The European Central Bank raised interest rates by half a percentage point on Thursday and pledged to do the same in March, as its president Christine Lagarde warned that eurozone inflation remained “too high”.
The ECB decided to continue aggressive tightening after it raised its benchmark deposit rate to 2.5 percent, saying in a statement after its meeting that it would “remain on course”, raising rates “at a steady pace”. It confirmed that it intends another half-point hike to follow at its next monetary policy meeting, set for March 16.
“We know we have a base to protect, we know we’re not done yet,” Lagarde said at a press conference after the decision, adding that rate-setting already had enough evidence to be confident that further significant rate hikes would be necessary. “Inflation remains too high,” he said, adding that the disinflation process in the eurozone had not yet begun.
The bank’s commitment to push ahead with significant rate hikes sets it apart from its counterparts in the UK and US, which have signaled this week that interest rates are nearing their peak.
The ECB’s move follows a half-point increase by the Bank of England earlier on Thursday and a quarter-point increase on Wednesday by the US Federal Reserve. However, the Fed has slowed the pace of tightening following signs that some price pressures in the US are fading, with chairman Jay Powell offering hope this week that inflation can return to the central bank’s 2 percent target without a “very significant economic slowdown”. The BoE also hinted that it may have reached a peak in interest rates at 4 percent.
The eurozone central bank has so far increased borrowing costs by 3 percentage points since it started raising rates – a smaller amount than the UK and US central banks.
After March, the ECB said it would “assess the next path of its monetary policy”, which some market participants took as a dovish message, suggesting that interest rates may be nearing a peak.
The euro fell 0.89 percent against the dollar to $1.088 by midday, while in the fixed-income market, the yield on the 10-year German Bund, the regional benchmark, was down 0.2 percentage points to 2.09 percent. The yield on the equivalent Italian government bond fell 0.36 percentage points to 3.92 percent. Bond yields fall when prices rise.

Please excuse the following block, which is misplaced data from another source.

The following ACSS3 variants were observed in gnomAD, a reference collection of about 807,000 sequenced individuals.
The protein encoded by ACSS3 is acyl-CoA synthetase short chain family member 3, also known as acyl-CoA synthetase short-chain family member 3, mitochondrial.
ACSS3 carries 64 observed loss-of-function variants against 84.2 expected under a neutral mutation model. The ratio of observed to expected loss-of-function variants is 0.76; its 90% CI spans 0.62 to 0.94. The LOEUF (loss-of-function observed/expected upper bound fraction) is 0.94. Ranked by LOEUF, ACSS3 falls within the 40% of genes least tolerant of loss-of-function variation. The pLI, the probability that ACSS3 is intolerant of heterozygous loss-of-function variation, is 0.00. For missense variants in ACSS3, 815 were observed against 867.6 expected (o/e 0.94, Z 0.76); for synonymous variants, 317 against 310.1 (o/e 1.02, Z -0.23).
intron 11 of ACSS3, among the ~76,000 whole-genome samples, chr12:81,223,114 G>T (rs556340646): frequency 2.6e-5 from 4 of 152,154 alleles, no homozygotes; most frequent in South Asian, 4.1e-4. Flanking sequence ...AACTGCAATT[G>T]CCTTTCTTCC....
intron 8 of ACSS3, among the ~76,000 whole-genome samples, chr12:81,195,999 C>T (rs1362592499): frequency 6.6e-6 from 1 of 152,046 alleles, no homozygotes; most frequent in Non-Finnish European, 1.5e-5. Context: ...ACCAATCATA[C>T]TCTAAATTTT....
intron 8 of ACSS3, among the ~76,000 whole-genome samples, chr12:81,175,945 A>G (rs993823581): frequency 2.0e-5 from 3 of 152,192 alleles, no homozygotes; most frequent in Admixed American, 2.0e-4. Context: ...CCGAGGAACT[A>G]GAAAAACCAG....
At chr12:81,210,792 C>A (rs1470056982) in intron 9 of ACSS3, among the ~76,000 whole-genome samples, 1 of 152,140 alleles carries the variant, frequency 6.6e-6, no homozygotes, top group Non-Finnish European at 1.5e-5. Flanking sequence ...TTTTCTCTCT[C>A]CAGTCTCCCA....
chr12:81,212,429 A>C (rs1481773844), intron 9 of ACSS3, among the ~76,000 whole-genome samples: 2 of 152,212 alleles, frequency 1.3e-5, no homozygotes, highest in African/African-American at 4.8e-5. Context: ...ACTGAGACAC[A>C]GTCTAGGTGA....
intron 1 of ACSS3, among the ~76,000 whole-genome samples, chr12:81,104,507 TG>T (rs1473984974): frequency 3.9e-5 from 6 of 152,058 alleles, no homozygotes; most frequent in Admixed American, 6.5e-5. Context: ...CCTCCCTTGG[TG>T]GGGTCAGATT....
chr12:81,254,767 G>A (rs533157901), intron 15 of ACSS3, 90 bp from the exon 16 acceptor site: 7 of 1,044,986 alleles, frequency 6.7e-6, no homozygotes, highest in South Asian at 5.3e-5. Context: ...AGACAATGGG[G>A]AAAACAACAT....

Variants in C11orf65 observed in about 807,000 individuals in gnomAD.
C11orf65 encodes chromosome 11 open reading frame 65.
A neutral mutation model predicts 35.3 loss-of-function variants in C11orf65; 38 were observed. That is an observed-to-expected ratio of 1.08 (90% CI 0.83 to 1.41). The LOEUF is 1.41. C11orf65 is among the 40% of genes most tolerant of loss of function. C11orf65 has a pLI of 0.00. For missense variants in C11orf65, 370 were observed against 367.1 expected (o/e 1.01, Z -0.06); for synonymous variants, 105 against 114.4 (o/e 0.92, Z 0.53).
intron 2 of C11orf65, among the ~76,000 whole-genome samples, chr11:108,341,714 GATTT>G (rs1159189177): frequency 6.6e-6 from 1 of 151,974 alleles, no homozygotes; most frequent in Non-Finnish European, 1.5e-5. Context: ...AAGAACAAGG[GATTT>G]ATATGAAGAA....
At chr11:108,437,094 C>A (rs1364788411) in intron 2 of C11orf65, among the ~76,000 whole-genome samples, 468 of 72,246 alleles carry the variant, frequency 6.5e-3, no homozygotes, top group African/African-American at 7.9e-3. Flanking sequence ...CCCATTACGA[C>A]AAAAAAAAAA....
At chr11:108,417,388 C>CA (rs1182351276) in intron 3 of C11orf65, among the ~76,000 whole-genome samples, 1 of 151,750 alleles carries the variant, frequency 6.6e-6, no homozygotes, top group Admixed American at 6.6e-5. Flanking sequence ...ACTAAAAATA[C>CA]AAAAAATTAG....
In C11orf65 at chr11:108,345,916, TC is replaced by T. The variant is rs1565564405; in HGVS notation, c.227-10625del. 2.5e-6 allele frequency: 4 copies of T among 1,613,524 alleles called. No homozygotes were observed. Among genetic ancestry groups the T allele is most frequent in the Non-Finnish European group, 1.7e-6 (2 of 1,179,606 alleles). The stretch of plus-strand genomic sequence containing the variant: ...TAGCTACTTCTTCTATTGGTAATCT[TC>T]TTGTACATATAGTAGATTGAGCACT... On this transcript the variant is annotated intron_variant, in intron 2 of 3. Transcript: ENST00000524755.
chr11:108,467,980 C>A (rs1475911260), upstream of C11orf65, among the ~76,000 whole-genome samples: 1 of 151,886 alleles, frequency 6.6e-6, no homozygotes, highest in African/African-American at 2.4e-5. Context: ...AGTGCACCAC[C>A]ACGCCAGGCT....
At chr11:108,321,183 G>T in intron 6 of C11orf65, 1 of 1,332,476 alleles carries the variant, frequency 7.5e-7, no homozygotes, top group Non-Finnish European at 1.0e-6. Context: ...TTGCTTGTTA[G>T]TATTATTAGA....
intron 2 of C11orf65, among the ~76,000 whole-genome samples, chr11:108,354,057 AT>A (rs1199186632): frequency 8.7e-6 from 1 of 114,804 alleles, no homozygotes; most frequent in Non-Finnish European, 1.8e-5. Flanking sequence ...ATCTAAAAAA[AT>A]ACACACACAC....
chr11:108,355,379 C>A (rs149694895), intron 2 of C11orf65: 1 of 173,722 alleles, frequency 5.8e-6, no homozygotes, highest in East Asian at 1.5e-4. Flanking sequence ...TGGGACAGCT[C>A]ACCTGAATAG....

But Lagarde explained that, while the pace of rate hikes could slow from May onwards, it was unlikely the ECB would be ready to pause.
“The question is how much to hike further after March, not whether to hike further,” said James Rossiter, head of global macro strategy at TD Securities.
The decision is in line with the hawkish rhetoric adopted by Lagarde since December. Since then, the eurozone economy has proved more resilient than expected, helped by warmer weather and government support to help households and businesses cope with soaring energy bills.
While stronger growth is welcomed by policymakers, it will make it harder for them to tame underlying price pressures and return inflation to their 2 percent goal.
Data published this week showed inflation rates fell more than expected, from 9.2 percent in the year to December to 8.5 percent last month. But euro zone core inflation – which excludes changes in food and energy prices, and is seen as a better indicator of longer-term price pressures – was unchanged at an all-time high of 5.2 percent.
Alongside the decision on interest rates, the ECB set out more details on its plan to start shrinking its balance sheet from next month by buying fewer bonds than the yield on maturing securities it owns.
It aims to reduce its portfolio by €15 billion a month from March to the end of June, with part of the reinvestment carried out broadly in line with current practice. As for corporate bond purchases, however, reinvestment will be “more strongly tilted towards issuers with better climate performance”, the ECB said.